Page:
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Simon K Jones
Force: 27955 | Joined: 1st Jan 2002 | Posts: 11683
- Title: Babel (2-disc edition)
- Director: Alejandro González Iñárritu
- Cast: Brad Pitt, Rinko Kikuchi, Adriana Barraza, Boubker Ait El Caid
- Running time: 143 minutes
- Cert: 15 (UK)
- Release: Out now
Following the much-lauded Amores Perros and 21 Grams, Mexican director Iñárritu returns with Babel, an epic, continent-hopping snapshot of four vastly contrasting cultures. American couple Richard and Susan, played by Brad Pitt and Cate Blanchett, find themselves trapped without help in a remote Morrocan town after Susan is accidentally shot by a local farmer (newcomer Boubker Ait El Caid, an amateur child actor who is quite brilliant), whose family becomes caught up in the subsequent police investigation. Meanwhile, the American couple's children find themselves on an unexpected trip across the US border to Mexico with their carer Amelia (Adriana Barraza) and Chieko (the fearless Rinko Kikuchi), a deaf-mute teenage girl, comes to terms with her burgeoning sexuality in hi-tech Tokyo.
Each of the stories delve into prejudices and stereotypes, whether it be boys unable to see past Chieko's communication difficulties, Westerners presuming that every Moroccan is a terrorist or American border guards assuming all Mexicans to be on the wrong side of the law. The themes are interesting but rarely explored in sufficient detail, with the film relying on archetypal characters and situations rather than doing anything particularly new or revelatory – with the exception of Chieko's story, which crafts a fascinating, multi-layered character who is very much disconnected from the surrounding world.
There's an odd structural issue with the film's multiple storylines. It gradually becomes clear that they are all linked through a rifle – with the odd exception of the Mexican setting, which inevitably feels rather tacked on and superfluous to the otherwise neat three-way narrative. Add to this an overwhelmingly earnest tone and an irritating “This Is A Serious Movie” musical score and Babel unfortunately becomes far less than the sum of its parts. Great acting, locations, cinematography and sound design are all for nothing if the material is lacking. Babel, alas, says nothing that hasn't been heard countless times before and, for all its moralising and grand ambitions, finds itself rather short of having a strong point.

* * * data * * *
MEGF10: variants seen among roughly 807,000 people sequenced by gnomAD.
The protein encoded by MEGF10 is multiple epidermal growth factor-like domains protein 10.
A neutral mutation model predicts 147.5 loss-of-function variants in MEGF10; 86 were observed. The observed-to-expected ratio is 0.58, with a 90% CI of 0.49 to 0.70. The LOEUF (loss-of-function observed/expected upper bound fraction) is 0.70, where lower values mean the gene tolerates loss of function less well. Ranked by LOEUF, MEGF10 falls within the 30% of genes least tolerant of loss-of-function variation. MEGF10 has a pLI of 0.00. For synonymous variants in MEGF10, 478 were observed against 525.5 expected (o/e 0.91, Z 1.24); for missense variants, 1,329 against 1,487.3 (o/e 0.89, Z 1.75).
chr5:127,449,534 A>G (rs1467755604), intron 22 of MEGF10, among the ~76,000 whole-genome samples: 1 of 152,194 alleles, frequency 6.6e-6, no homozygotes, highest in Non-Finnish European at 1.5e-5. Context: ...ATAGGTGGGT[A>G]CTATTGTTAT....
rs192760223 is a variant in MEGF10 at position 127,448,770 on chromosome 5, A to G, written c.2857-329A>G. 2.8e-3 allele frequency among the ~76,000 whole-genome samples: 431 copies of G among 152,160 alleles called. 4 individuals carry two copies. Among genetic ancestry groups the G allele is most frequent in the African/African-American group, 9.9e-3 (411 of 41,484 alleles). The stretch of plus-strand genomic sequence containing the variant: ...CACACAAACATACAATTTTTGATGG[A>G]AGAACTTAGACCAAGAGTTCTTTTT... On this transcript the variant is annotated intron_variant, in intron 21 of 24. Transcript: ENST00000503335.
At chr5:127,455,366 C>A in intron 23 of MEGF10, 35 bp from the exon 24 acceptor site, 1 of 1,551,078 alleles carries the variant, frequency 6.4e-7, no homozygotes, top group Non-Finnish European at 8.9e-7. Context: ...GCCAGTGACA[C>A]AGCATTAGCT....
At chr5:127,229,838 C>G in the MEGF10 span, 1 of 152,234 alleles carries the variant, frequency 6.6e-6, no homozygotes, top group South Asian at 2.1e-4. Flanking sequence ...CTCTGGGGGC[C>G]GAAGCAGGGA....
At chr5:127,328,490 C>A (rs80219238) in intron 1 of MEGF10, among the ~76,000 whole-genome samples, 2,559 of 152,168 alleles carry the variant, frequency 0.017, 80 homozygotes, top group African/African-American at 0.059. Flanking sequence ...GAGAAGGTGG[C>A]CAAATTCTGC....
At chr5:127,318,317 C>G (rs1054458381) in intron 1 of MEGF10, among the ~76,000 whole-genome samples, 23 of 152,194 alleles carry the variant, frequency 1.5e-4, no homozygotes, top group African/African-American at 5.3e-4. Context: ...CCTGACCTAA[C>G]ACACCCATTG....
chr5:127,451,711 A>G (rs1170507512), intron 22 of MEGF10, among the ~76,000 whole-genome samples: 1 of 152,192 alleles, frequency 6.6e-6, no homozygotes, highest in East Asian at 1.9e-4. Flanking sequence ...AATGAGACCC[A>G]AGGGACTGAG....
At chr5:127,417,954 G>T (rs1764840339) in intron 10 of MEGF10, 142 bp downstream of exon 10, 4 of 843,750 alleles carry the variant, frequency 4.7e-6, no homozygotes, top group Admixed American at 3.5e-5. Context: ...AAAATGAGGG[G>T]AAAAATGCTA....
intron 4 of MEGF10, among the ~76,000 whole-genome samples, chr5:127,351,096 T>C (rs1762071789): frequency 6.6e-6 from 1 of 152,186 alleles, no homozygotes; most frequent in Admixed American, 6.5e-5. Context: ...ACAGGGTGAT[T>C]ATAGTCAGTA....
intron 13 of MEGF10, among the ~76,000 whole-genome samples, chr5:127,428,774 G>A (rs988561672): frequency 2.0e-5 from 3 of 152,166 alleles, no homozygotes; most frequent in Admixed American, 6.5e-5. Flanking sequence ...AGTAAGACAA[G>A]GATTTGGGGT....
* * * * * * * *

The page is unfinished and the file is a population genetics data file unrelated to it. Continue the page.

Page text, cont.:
There's just a single extra feature on the two-disc edition of Babel, but it's a good one. Comprising a 90-minute video diary by Iñárritu himself, it follows the international shoot as it traverses Africa, America and Japan, discovering different attitudes to filmmaking that are as intriguing as the cultures represented in the movie itself. The struggles to film exterior material in Tokyo are particularly entertaining, with Babel's crew seemingly on the run from the traffic police for most of the shoot.
It's an honest and refreshing documentary, albeit marred somewhat by the same pretensions that afflict the film itself. Opening with Iñárritu holding hands with his cast and crew in a line, red roses clasped by each person, as he talks about his hopes that the film could change the world, it's hard not to become irritated at times by the rather overwhelming sense of self-importance.
Win a copy!
It's a mixed review of a mixed film but there's still a huge amount of talent at work here, from the superb cast (right down to the minor supporting roles) to the beautiful, realist cinematography and innovative use of sound, let alone the organisational nightmare of a truly international production.
If you'd like to win a copy, all you have to do is answer the following question:
Which classic British sci-fi novel features the rather useful 'Babel' species of fish?
Email your answer to COMPETITION NOW CLOSED.
Rules and regs: It wouldn't be a proper competition without some rules! So here we go: 1. Babel deals with some Serious Stuff, so you have to be 15 or over to enter. Tell us your date of birth in your email, or else. 2. These DVDs are region 2, so make sure your DVD player can handle it. 3. Don't forget to include your home mail address, as DVDs can't be sent by email. 4. All entries must be received by 19th June 2007.